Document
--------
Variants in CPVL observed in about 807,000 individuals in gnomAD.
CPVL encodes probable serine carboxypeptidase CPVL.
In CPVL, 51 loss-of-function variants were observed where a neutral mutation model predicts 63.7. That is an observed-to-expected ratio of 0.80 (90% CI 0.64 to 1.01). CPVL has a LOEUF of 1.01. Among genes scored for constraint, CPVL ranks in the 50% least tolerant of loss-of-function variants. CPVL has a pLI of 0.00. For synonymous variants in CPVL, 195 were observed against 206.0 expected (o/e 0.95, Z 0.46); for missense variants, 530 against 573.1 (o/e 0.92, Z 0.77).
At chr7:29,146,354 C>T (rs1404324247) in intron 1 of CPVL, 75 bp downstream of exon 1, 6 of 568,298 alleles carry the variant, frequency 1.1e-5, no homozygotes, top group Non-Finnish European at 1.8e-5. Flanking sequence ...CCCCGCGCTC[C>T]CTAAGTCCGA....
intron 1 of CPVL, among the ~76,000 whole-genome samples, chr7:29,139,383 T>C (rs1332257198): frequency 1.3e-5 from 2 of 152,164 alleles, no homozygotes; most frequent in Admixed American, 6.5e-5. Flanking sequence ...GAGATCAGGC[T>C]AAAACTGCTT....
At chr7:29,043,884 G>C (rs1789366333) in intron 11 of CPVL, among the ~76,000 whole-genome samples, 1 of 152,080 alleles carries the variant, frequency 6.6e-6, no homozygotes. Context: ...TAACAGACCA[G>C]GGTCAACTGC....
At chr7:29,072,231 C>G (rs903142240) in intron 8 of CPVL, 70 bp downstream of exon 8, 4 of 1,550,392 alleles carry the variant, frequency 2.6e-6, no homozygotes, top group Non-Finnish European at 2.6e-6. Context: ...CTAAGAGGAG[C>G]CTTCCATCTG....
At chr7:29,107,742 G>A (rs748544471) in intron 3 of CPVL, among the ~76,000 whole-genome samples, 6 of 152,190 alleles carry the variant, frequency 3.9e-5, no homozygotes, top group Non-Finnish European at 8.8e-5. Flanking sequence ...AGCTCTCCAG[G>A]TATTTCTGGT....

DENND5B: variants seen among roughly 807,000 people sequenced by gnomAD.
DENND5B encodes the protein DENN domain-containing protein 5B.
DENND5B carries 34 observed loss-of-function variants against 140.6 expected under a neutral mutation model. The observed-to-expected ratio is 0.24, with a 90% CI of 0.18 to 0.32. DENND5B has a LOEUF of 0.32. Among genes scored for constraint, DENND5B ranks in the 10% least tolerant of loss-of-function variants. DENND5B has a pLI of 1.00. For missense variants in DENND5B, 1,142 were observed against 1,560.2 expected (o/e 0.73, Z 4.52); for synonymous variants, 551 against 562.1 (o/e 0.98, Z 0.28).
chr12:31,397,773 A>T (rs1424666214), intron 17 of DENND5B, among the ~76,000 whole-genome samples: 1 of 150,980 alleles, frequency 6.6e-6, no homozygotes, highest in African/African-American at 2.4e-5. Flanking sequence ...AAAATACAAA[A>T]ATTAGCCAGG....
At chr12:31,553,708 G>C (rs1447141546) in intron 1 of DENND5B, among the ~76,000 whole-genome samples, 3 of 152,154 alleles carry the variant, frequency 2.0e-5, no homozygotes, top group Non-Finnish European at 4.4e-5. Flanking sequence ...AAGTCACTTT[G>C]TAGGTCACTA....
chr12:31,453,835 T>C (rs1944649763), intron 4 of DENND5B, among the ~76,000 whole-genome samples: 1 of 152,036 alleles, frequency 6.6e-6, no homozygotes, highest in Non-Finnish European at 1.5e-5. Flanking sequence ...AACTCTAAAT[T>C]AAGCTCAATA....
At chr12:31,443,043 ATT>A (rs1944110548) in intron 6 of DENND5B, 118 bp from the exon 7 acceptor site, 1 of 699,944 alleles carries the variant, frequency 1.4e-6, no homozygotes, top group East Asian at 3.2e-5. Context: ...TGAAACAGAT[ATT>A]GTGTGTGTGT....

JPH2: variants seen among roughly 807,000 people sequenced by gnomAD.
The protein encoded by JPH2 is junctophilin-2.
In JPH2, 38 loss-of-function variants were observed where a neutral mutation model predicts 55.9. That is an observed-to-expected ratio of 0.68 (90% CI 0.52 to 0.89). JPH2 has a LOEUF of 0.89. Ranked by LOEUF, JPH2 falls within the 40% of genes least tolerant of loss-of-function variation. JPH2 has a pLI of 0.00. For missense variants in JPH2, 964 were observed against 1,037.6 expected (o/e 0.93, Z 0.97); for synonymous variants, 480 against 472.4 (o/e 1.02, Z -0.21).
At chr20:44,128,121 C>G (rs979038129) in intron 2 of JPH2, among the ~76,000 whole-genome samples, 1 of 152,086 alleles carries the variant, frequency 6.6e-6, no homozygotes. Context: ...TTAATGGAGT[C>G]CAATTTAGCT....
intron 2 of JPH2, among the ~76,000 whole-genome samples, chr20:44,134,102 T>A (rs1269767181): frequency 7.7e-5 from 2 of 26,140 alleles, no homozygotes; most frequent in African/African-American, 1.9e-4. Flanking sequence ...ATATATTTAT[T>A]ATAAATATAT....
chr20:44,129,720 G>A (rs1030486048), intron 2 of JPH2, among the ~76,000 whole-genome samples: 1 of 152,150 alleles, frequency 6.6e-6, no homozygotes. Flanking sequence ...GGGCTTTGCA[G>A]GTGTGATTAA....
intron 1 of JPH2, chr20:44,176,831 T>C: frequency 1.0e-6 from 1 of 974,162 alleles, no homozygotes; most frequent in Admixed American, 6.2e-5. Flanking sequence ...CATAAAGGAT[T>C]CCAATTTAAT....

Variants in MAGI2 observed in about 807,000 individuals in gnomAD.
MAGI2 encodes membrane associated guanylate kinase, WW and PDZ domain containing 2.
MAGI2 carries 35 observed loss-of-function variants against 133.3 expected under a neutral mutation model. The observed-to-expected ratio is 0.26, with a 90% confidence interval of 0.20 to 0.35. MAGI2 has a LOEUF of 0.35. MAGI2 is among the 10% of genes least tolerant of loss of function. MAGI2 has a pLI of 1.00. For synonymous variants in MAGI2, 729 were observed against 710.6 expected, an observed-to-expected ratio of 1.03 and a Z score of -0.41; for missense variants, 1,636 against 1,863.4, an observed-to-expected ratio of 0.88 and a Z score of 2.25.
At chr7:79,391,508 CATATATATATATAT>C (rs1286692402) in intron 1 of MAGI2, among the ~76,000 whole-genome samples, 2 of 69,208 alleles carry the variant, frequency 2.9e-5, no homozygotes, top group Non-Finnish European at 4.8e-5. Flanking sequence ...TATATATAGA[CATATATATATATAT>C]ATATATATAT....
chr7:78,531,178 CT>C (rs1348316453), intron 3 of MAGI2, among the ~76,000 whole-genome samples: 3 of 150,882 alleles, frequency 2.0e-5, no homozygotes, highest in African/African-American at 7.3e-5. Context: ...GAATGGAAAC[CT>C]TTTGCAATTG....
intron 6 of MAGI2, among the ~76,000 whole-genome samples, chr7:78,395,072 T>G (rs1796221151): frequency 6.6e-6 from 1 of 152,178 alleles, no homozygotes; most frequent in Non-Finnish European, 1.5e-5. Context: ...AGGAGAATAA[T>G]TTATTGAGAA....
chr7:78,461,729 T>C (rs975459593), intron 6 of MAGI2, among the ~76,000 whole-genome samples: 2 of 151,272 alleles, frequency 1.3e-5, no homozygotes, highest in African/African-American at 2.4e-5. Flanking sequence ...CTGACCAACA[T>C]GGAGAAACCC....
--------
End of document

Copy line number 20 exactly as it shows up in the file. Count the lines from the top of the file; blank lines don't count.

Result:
intron 2 of JPH2, among the ~76,000 whole-genome samples, chr20:44,134,102 T>A (rs1269767181): frequency 7.7e-5 from 2 of 26,140 alleles, no homozygotes; most frequent in African/African-American, 1.9e-4. Flanking sequence ...ATATATTTAT[T>A]ATAAATATAT....